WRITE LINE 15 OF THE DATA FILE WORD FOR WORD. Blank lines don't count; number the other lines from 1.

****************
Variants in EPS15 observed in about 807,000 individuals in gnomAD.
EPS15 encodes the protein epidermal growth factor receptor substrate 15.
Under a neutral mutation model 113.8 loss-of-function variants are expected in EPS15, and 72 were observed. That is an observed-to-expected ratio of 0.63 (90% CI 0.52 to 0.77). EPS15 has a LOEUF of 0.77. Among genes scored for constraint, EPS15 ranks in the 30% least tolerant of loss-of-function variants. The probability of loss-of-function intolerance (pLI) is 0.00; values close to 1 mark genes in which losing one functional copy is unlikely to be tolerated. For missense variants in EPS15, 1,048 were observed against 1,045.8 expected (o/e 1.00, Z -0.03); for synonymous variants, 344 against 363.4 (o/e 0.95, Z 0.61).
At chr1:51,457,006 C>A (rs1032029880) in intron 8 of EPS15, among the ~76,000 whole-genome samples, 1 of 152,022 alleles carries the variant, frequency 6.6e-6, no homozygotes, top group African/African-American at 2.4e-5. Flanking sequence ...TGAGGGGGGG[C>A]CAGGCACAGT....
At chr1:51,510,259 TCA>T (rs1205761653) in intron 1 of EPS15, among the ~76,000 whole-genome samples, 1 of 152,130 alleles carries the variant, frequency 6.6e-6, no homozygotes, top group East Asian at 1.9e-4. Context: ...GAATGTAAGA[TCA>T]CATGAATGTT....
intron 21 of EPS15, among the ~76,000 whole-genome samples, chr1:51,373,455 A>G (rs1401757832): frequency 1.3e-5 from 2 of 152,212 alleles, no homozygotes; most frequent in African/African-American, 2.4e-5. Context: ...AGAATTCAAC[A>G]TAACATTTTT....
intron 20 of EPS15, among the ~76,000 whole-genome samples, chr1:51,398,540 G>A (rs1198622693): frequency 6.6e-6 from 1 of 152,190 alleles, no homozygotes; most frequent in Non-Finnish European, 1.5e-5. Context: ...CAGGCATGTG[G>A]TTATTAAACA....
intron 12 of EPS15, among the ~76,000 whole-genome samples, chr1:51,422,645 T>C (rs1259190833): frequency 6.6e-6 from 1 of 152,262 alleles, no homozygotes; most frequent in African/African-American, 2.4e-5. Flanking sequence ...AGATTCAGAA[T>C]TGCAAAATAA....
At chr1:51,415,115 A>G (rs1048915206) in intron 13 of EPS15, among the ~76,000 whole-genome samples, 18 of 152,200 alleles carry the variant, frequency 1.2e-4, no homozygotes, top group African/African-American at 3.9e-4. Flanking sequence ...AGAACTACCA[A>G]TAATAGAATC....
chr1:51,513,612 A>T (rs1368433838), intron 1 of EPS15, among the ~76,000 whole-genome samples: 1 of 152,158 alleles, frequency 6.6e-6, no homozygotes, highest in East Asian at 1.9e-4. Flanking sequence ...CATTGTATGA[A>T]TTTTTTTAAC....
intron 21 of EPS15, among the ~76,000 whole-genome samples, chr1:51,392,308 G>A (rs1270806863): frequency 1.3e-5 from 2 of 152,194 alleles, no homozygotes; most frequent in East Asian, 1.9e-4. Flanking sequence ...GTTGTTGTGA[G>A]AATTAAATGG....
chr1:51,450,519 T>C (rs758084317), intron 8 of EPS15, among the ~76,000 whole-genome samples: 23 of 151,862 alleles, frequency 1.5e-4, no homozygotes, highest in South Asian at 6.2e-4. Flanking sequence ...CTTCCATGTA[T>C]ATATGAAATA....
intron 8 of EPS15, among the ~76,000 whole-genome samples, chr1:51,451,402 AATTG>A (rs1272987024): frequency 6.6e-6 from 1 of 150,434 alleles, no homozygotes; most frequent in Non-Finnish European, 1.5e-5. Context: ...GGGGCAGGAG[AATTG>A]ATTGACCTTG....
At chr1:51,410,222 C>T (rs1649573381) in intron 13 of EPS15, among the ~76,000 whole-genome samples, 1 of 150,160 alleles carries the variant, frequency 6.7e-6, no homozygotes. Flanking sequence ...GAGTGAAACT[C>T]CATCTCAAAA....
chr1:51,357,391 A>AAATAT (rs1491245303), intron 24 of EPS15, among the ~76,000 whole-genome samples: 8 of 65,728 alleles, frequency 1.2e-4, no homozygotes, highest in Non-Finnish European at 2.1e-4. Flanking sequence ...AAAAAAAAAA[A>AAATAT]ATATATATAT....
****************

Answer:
chr1:51,357,391 A>AAATAT (rs1491245303), intron 24 of EPS15, among the ~76,000 whole-genome samples: 8 of 65,728 alleles, frequency 1.2e-4, no homozygotes, highest in Non-Finnish European at 2.1e-4. Flanking sequence ...AAAAAAAAAA[A>AAATAT]ATATATATAT....